The players who have brought you to this stage,
your father who would be king,
willfully absent, refusing a smaller part,
the friend so afraid of a slip she forgot the starched hoop
that held your dress out, and your supporting cast,
bearing your wildly waving undergarment in,
white flag for a celebration, recede now,
watch from the wings of your wedding.

Paid for by blood, this rite my father promised you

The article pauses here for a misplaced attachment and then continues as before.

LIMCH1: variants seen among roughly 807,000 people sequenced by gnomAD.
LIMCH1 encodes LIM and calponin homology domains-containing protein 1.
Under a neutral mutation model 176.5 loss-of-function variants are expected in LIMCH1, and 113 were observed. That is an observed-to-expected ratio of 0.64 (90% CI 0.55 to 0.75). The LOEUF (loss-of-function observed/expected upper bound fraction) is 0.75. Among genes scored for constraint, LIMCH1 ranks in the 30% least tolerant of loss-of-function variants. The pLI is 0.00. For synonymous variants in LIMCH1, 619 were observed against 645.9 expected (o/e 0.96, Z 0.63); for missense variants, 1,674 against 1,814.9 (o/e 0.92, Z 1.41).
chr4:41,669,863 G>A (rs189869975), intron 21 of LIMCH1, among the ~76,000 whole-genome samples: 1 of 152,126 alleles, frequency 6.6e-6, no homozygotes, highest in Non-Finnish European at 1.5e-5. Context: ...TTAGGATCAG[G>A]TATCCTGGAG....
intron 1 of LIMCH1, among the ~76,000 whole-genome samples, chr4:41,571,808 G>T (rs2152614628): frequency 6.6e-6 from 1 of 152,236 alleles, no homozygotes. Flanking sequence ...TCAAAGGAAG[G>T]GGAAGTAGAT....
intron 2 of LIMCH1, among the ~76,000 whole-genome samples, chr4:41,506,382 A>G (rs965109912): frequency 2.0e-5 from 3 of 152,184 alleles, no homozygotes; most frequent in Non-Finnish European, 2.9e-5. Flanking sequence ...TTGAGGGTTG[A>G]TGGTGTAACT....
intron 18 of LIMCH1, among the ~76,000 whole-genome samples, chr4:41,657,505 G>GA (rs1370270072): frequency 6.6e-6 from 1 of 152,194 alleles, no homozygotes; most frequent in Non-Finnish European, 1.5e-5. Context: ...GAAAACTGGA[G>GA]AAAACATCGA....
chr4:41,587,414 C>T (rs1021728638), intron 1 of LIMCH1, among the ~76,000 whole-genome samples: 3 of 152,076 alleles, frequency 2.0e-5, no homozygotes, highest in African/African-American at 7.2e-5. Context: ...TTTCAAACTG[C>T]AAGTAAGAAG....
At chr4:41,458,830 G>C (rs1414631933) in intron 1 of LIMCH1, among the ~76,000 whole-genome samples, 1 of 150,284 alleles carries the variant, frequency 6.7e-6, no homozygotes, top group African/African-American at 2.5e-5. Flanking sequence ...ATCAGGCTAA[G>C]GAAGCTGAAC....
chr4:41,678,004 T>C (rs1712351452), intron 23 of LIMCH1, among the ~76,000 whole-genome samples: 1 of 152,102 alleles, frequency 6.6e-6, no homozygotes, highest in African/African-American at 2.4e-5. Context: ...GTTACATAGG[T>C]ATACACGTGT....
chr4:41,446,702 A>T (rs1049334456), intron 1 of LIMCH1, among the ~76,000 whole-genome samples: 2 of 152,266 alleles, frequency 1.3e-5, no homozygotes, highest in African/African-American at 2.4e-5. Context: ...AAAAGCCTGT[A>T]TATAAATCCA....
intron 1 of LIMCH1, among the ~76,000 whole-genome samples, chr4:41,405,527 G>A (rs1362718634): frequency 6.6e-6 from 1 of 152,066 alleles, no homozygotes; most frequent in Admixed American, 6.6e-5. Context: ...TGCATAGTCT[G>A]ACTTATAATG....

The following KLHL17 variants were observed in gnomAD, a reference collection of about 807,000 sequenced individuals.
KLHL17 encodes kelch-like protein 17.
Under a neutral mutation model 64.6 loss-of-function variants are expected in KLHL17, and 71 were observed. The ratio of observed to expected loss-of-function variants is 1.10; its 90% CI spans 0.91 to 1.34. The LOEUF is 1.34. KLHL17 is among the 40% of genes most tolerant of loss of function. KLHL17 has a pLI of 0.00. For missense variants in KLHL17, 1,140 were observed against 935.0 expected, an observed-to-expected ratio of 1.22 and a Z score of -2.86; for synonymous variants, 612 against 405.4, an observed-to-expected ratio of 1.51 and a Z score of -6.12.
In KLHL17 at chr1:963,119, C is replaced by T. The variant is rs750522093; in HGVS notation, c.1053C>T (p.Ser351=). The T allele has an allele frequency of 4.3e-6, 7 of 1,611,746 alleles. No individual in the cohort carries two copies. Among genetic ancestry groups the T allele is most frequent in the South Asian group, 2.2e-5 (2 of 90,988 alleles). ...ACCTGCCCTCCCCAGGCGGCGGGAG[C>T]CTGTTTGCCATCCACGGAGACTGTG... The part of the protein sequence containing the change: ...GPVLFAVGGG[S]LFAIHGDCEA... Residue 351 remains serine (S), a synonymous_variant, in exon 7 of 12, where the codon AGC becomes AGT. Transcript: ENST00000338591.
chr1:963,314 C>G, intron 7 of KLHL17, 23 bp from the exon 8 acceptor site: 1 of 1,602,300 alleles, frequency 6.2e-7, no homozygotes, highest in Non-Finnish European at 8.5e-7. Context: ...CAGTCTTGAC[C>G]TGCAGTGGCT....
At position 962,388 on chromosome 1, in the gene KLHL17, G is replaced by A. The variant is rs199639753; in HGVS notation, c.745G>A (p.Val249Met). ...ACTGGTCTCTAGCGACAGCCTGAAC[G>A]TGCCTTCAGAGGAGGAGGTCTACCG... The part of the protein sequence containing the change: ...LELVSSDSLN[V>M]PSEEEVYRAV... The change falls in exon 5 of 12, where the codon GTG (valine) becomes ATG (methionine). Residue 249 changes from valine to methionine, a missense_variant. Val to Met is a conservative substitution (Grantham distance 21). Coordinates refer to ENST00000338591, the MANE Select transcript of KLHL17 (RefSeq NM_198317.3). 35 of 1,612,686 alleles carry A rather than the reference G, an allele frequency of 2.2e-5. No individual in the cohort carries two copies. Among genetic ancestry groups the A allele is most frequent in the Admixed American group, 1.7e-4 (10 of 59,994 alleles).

runs lavender in your maid of honor’s gown,
red in the wine. You pass in white,
intone your vows. I think of oaths,
stay silent.

Service done.

With three—your brother, sister, you—
before a belled and flowered
three-tiered wedding cake,
shadows fade in folds of watered silk,
the wounds I have worn like rags fall.

Daughter, princess from the day you came,
may your life be a piece of cake,
may all your slips be smoothed.
May the Lord lift up his countenance
and see you dancing, your groom
waltzing you round and around again,
your skirt swinging like a bell,
the clapper of your bent knees
approving this step.